Wednesday, April 6, 2011


An exchange of emails with a friend got me started on this.

The abortion issue, labeled Pro Life or Pro Choice by the interest groups, remains the most significant cultural divide in American life. Viewed by both sides as a moral issue, it leaves little room for anyone to be 'moderate.'

I have always approached the question as a legal issue. Admittedly, my personal aversion to abortion may influence my legal opinion, but, in the tradition of the judiciary, I try to think it through without reference to my subjective opinion.

Prior to 1973, every state in the American union had some kind of legislation on the subject of abortion. Both criminal statutes and laws regulating the practice of medicine prohibited assisting or causing a woman to miscarry.

So far as I have seen, these laws were all addressed to the person causing the miscarriage and not to the pregnant woman.

In the decade prior to 1973 there were efforts in several states to liberalize the abortion statutes. Most would make it legal for a woman to have an abortion in case of rape or incest, or if the pregnancy endangered her life or physical health.

The entry of the Supreme Court of the United States into this sensitive moral and political thicket was, in my opinion, a serious departure from the proper constitutional role of the court. The opinion, written by Justice Harry Blackman, has been criticized from both left and right.

Much has been said and written by scholars on both sides. No one has ever suggested that any citizen who voted to ratify the U.S. Constitution or any of its amendments had the remotest intention to restrict the power of the states to legislate with respect to abortion.

Roe v Wade was an unquestioned usurpation of legislative power by the Supreme Court. It would be easy enough for the court to return the matter to the state legislatures, but unhappily, the Pro Choice people are dead set against allowing the voters to have any Choice in the matter.

The real mischief of Roe v Wade is that it legalizes abortion as an alternative method of birth control. Blackman said the decision should be left to the woman and her doctor. That line was supposed to suggest that abortion is a medical procedure, performed for medical reasons.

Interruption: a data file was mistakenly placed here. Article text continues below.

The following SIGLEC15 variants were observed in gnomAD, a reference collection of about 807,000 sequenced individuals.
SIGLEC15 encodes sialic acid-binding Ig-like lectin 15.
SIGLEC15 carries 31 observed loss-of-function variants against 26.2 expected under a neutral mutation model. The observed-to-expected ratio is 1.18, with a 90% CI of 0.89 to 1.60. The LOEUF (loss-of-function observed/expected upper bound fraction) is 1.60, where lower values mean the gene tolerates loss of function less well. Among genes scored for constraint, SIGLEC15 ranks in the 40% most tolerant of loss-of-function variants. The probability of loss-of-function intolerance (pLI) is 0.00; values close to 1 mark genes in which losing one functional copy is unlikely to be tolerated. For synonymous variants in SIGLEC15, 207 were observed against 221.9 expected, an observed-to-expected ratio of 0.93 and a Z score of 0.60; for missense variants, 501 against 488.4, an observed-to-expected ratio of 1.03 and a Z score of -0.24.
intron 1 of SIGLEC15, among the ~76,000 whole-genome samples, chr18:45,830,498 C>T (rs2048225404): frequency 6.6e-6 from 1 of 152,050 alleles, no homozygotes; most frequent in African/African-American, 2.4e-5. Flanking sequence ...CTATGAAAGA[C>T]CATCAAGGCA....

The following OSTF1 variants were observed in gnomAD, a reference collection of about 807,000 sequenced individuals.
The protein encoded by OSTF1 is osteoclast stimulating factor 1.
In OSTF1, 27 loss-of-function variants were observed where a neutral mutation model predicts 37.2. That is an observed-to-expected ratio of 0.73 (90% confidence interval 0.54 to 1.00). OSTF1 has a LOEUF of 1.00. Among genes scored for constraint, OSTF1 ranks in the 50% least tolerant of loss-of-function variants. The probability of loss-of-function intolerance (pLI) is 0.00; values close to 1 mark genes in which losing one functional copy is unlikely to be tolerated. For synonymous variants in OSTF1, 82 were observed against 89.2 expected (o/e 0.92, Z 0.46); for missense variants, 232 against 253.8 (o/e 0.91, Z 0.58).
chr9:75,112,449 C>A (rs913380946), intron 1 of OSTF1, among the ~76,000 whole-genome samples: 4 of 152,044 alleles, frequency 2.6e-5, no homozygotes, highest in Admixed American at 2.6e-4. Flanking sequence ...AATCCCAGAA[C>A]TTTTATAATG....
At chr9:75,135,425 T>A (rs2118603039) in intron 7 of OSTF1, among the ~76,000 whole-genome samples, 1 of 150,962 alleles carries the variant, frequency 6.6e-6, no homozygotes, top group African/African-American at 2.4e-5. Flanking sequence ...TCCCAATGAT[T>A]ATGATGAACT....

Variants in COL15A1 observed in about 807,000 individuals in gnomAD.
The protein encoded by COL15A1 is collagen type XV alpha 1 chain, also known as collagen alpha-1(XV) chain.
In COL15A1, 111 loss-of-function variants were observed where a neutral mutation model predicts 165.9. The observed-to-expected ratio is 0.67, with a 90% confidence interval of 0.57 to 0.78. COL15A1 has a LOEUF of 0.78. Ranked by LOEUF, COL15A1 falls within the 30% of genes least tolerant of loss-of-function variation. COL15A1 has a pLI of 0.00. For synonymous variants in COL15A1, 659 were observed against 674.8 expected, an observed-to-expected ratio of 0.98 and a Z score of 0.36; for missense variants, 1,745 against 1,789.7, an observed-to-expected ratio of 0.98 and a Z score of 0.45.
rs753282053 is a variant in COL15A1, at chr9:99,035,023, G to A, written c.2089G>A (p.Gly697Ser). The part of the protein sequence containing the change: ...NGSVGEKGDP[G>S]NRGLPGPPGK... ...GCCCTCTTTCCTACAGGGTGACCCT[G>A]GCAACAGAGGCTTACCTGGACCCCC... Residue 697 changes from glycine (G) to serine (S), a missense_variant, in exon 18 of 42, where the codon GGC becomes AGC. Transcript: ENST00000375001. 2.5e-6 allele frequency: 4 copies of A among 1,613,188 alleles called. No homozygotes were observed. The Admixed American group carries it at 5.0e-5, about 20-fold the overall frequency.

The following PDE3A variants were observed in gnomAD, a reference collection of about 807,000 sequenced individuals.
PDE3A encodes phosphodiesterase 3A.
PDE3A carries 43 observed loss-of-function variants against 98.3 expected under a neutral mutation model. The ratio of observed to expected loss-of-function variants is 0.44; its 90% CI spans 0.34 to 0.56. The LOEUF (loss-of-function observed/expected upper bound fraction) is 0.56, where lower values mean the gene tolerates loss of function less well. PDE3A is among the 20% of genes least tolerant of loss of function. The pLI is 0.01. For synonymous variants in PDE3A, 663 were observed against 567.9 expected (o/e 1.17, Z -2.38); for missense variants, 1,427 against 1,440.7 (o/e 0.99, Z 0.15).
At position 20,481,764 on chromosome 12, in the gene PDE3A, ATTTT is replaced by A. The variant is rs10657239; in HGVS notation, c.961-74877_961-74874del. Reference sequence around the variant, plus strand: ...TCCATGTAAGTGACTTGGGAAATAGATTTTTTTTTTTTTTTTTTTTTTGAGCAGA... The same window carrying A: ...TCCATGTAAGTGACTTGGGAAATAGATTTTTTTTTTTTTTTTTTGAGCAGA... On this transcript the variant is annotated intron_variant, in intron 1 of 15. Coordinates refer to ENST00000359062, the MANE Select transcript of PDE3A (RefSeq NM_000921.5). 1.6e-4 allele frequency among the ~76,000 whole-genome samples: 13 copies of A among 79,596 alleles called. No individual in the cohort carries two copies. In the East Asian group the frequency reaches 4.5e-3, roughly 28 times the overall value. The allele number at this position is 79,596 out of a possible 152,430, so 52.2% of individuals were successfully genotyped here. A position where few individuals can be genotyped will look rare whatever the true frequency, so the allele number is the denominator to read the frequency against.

The fact is otherwise. Doctors who perform abortions make their living performing abortions. Pregnant women are their clients. Abortion doctors are hardly a restraining influence. If anything, they encourage the procedure that puts money in their pockets.

The result is that a healthy fetus has less protection in America than a healthy liver or gall bladder. No medical necessity needs to be shown. Abortion is completely optional. Like a haircut or a pedicure.

So there it lies. America has a liberal abortion culture, not by Choice, but by the dictate of unelected judges. The long range political consequences, especially as they impact the declining, morbid birth rate in the United States will probably have to play out before the Justices undo what they have wrought.

That's the way I see it.

1 comment:

  1. "The abortion issue, labeled Pro Life or Pro Choice by the interest groups, remains the most significant cultural divide in American life."

    Perhaps it is a significant divide but "the most significant cultural divide"? It is not a cultural issue. It is a trans-secular (moral, ethical and ideological) issue with secular (social, economic, political and cultural) implications.

    Culture is the fourth cornerstone of a secular worldview. The other three cornerstones are political, economic and social. Morality, ethics and ideology are the three cornerstones of a trans-secular worldview and necessary components of a religious worldview.